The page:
§ 6.0 P.M.
§ I wish that I were at the end of my task I must, I am sorry to say, add something about trade policy. Here again I have to recall the conditions under which we are operating. I must ask every Member of the House, and all who are outside, to try to forget pre-1914 conditions—to think of the conditions as they are to-day, and to think of what remedy you are going to apply to those conditions. The conditions may be merely temporary, but for the moment they are dominant. They dominate the immediate future, and may be dominant for some time to come. I have already summarised these conditions. Our international trade is in peril, and our home trade is depressed by reduction of output and increased cost of production. Imports of manufactured goods from 2009 abroad have not counted. There is no immediate prospect of their coming. Germany is crippled. She has been deprived of her iron and coal, and whatever troubles may be in this country, they are not comparable to those under which Germany is labouring. When you come to the United States of America, which would be a formidable competitor, the mere fact that the exchange is against us is in itself a protection against the import of manufactured goods. If the exchange is down to 17s., that is equivalent to something like a 15 per cent tariff against the imports of any goods from the United States of America. More than that—the freights at the present moment are very high. I cannot see any prospect of their coming down to anything approximating to prewar rates. Thus, although you have a great disparity between the cost of production of an article in the United States of America and the cost at which it could be produced here, when you work out the exchange, and add to that the cost of bringing the goods over, you will find you have no profit for the United States manufacturer.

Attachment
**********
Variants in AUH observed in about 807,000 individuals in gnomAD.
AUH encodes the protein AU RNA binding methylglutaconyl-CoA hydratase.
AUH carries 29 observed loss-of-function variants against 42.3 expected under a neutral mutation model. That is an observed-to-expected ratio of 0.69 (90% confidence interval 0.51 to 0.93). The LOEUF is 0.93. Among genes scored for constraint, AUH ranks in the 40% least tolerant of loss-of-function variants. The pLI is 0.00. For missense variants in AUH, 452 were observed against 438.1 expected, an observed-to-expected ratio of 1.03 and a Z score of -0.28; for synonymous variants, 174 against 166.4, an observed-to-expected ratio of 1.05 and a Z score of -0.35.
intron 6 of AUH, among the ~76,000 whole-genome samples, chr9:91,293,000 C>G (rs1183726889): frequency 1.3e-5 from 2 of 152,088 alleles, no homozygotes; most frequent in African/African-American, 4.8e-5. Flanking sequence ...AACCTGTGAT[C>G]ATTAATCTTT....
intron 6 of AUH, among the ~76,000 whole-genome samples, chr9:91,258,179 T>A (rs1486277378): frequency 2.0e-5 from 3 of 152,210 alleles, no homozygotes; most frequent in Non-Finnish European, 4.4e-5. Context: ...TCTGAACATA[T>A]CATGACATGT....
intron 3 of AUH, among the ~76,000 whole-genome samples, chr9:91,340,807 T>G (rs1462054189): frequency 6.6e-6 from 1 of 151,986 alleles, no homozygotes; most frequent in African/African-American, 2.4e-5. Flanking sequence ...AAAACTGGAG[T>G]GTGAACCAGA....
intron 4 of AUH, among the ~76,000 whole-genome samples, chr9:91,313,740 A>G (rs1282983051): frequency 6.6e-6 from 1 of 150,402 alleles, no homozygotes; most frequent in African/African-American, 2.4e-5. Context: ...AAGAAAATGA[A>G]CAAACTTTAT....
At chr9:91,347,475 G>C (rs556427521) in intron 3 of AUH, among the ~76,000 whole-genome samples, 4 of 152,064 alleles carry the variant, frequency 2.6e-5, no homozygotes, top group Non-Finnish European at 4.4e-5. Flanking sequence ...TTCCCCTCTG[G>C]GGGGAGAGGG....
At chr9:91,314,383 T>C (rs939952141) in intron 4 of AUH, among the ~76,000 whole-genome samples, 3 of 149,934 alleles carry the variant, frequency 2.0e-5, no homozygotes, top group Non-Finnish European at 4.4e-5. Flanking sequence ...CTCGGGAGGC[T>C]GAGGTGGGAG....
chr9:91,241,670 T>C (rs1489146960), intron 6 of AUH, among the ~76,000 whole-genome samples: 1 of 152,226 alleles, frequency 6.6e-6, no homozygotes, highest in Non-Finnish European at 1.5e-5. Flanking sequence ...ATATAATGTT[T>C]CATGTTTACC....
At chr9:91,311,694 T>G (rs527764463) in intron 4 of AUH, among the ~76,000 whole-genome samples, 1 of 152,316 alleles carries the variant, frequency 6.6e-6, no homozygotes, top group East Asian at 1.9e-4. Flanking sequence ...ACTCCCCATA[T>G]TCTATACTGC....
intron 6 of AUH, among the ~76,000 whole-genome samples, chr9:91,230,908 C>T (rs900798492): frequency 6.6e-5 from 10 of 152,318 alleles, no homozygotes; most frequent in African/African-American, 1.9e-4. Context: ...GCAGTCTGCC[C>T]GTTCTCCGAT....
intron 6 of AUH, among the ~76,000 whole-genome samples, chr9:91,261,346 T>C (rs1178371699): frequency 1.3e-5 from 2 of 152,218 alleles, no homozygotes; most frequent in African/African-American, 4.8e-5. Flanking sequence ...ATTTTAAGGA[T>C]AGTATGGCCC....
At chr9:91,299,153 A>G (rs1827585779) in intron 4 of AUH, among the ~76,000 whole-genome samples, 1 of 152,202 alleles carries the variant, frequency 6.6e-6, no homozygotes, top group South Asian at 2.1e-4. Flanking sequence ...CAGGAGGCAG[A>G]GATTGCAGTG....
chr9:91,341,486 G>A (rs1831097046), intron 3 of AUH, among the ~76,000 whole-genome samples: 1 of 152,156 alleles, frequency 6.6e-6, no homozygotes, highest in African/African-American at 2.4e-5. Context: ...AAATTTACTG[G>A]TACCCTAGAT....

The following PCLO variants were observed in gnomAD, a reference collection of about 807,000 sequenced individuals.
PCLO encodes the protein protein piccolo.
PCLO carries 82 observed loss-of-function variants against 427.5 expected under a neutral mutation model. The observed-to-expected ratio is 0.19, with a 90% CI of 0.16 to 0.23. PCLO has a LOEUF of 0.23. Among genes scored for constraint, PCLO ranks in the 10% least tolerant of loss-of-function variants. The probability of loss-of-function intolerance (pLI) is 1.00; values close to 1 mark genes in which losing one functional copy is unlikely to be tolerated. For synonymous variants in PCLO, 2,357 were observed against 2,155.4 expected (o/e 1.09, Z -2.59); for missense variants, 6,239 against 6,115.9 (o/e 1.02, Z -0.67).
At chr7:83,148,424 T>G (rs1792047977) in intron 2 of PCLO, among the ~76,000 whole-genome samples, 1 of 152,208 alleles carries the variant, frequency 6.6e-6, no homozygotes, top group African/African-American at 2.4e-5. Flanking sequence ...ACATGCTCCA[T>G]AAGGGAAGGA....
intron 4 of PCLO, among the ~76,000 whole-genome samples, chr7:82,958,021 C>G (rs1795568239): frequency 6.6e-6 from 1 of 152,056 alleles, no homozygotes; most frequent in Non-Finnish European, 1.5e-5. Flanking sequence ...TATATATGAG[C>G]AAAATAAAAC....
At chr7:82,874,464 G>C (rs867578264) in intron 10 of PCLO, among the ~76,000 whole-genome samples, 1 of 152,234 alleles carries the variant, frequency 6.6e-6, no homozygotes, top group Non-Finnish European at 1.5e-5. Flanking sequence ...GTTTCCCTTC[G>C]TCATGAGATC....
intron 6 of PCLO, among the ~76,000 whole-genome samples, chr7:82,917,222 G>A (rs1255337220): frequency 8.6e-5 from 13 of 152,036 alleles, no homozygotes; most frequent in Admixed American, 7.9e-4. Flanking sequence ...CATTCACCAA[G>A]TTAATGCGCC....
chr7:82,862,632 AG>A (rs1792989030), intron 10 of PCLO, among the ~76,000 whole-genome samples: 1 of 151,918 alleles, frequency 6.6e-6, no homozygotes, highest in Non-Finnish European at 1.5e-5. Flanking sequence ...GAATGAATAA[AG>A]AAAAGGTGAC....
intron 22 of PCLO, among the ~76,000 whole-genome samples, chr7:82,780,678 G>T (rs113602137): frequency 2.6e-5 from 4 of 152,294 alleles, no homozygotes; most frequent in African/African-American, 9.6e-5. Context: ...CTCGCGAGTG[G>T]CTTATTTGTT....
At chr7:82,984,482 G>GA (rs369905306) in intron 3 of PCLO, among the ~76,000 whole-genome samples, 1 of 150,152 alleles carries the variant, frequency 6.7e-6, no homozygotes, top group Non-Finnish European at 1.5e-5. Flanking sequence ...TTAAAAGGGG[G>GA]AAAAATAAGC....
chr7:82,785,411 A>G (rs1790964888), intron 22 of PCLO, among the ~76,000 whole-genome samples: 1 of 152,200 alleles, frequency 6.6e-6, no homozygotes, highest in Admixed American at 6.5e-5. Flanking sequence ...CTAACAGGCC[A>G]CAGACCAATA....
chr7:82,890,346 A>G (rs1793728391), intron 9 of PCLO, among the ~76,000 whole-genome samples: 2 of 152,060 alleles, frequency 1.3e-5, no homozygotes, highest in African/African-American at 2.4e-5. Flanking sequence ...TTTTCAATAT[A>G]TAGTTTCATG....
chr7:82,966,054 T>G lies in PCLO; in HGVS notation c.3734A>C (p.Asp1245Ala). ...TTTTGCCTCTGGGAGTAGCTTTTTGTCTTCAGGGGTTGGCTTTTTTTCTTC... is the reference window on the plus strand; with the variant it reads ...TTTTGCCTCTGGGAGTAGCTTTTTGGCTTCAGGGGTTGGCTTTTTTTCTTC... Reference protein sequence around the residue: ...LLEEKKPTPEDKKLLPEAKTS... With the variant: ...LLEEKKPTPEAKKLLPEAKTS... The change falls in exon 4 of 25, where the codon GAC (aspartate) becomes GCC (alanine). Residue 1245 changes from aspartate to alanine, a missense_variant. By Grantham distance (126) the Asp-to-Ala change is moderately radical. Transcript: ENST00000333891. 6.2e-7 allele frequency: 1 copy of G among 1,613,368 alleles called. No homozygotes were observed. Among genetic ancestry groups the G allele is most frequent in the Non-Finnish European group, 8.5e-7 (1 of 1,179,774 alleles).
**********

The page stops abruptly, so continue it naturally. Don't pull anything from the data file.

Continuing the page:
§ Mr. HOUSTON
That has not prevented American-made rails being delivered in Glasgow and in London for tramway purposes.
§ The PRIME MINISTER
You cannot possibly exclude things altogether, but the mere fact that rails have been delivered in Glasgow and in London under present conditions, when we have the power of prohibiting them altogether, shows that they were actually needed by the trade. There is complete prohibition except with the consent of the Board of Trade. I can give other cases. For instance, there is pig-iron. We are at present so short of pig-iron that there is not enough to employ our steel furnaces. What is the result? We are begging for pig-iron from Lorraine. If there were any real competition, you have got at the present moment, in the exchange and in the freights, the highest protective tariffs that have ever been proposed in this country; in fact, very much higher tariffs than any ever proposed.
§ The PRIME MINISTER
Because we are asking America to send them, and we 2010 are prepared to pay any price. These are the salient facts of the present situation. They may change; they may change soon. I can see no prospect of their changing. When there is a change in the conditions I hope this Parliament will be bold enough to provide a remedy that will be applicable to the conditions of the time.